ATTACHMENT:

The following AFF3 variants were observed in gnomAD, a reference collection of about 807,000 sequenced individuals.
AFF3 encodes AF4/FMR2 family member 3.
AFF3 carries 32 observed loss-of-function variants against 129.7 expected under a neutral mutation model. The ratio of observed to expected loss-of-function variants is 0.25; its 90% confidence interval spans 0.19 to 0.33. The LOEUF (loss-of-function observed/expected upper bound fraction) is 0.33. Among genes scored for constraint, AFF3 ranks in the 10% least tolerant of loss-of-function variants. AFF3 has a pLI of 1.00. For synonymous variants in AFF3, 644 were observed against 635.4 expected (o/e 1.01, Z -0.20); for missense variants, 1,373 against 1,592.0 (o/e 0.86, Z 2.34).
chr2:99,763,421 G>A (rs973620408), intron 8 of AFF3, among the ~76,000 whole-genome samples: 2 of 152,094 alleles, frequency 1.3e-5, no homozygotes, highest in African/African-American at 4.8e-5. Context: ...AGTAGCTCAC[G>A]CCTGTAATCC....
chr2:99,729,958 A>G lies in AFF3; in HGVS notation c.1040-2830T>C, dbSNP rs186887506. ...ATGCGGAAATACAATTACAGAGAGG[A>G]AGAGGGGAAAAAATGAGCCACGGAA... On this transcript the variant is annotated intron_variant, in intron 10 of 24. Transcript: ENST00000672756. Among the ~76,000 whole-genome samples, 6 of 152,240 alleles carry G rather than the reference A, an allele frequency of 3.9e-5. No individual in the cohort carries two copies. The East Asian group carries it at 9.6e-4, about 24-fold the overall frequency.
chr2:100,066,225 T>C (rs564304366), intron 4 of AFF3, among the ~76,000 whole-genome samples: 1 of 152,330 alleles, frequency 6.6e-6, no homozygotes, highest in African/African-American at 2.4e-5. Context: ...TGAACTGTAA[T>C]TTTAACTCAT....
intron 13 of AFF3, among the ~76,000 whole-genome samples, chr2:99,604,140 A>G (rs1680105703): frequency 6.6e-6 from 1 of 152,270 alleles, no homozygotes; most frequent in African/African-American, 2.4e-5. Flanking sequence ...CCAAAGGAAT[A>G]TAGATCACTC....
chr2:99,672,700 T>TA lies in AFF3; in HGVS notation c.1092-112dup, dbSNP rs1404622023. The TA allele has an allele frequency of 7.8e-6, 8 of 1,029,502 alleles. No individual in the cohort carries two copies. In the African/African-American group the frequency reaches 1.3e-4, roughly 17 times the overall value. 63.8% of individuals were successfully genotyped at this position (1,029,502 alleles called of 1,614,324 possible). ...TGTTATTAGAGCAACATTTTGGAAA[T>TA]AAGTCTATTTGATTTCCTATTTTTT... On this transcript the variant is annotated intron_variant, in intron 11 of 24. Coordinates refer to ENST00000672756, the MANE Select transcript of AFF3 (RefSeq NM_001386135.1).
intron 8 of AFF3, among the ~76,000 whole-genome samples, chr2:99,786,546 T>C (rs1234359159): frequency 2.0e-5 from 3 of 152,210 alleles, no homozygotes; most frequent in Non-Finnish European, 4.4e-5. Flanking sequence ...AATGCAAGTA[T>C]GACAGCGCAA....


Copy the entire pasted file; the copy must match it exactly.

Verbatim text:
The following AFF3 variants were observed in gnomAD, a reference collection of about 807,000 sequenced individuals.
AFF3 encodes AF4/FMR2 family member 3.
AFF3 carries 32 observed loss-of-function variants against 129.7 expected under a neutral mutation model. The ratio of observed to expected loss-of-function variants is 0.25; its 90% confidence interval spans 0.19 to 0.33. The LOEUF (loss-of-function observed/expected upper bound fraction) is 0.33. Among genes scored for constraint, AFF3 ranks in the 10% least tolerant of loss-of-function variants. AFF3 has a pLI of 1.00. For synonymous variants in AFF3, 644 were observed against 635.4 expected (o/e 1.01, Z -0.20); for missense variants, 1,373 against 1,592.0 (o/e 0.86, Z 2.34).
chr2:99,763,421 G>A (rs973620408), intron 8 of AFF3, among the ~76,000 whole-genome samples: 2 of 152,094 alleles, frequency 1.3e-5, no homozygotes, highest in African/African-American at 4.8e-5. Context: ...AGTAGCTCAC[G>A]CCTGTAATCC....
chr2:99,729,958 A>G lies in AFF3; in HGVS notation c.1040-2830T>C, dbSNP rs186887506. ...ATGCGGAAATACAATTACAGAGAGG[A>G]AGAGGGGAAAAAATGAGCCACGGAA... On this transcript the variant is annotated intron_variant, in intron 10 of 24. Transcript: ENST00000672756. Among the ~76,000 whole-genome samples, 6 of 152,240 alleles carry G rather than the reference A, an allele frequency of 3.9e-5. No individual in the cohort carries two copies. The East Asian group carries it at 9.6e-4, about 24-fold the overall frequency.
chr2:100,066,225 T>C (rs564304366), intron 4 of AFF3, among the ~76,000 whole-genome samples: 1 of 152,330 alleles, frequency 6.6e-6, no homozygotes, highest in African/African-American at 2.4e-5. Context: ...TGAACTGTAA[T>C]TTTAACTCAT....
intron 13 of AFF3, among the ~76,000 whole-genome samples, chr2:99,604,140 A>G (rs1680105703): frequency 6.6e-6 from 1 of 152,270 alleles, no homozygotes; most frequent in African/African-American, 2.4e-5. Flanking sequence ...CCAAAGGAAT[A>G]TAGATCACTC....
chr2:99,672,700 T>TA lies in AFF3; in HGVS notation c.1092-112dup, dbSNP rs1404622023. The TA allele has an allele frequency of 7.8e-6, 8 of 1,029,502 alleles. No individual in the cohort carries two copies. In the African/African-American group the frequency reaches 1.3e-4, roughly 17 times the overall value. 63.8% of individuals were successfully genotyped at this position (1,029,502 alleles called of 1,614,324 possible). ...TGTTATTAGAGCAACATTTTGGAAA[T>TA]AAGTCTATTTGATTTCCTATTTTTT... On this transcript the variant is annotated intron_variant, in intron 11 of 24. Coordinates refer to ENST00000672756, the MANE Select transcript of AFF3 (RefSeq NM_001386135.1).
intron 8 of AFF3, among the ~76,000 whole-genome samples, chr2:99,786,546 T>C (rs1234359159): frequency 2.0e-5 from 3 of 152,210 alleles, no homozygotes; most frequent in Non-Finnish European, 4.4e-5. Flanking sequence ...AATGCAAGTA[T>C]GACAGCGCAA....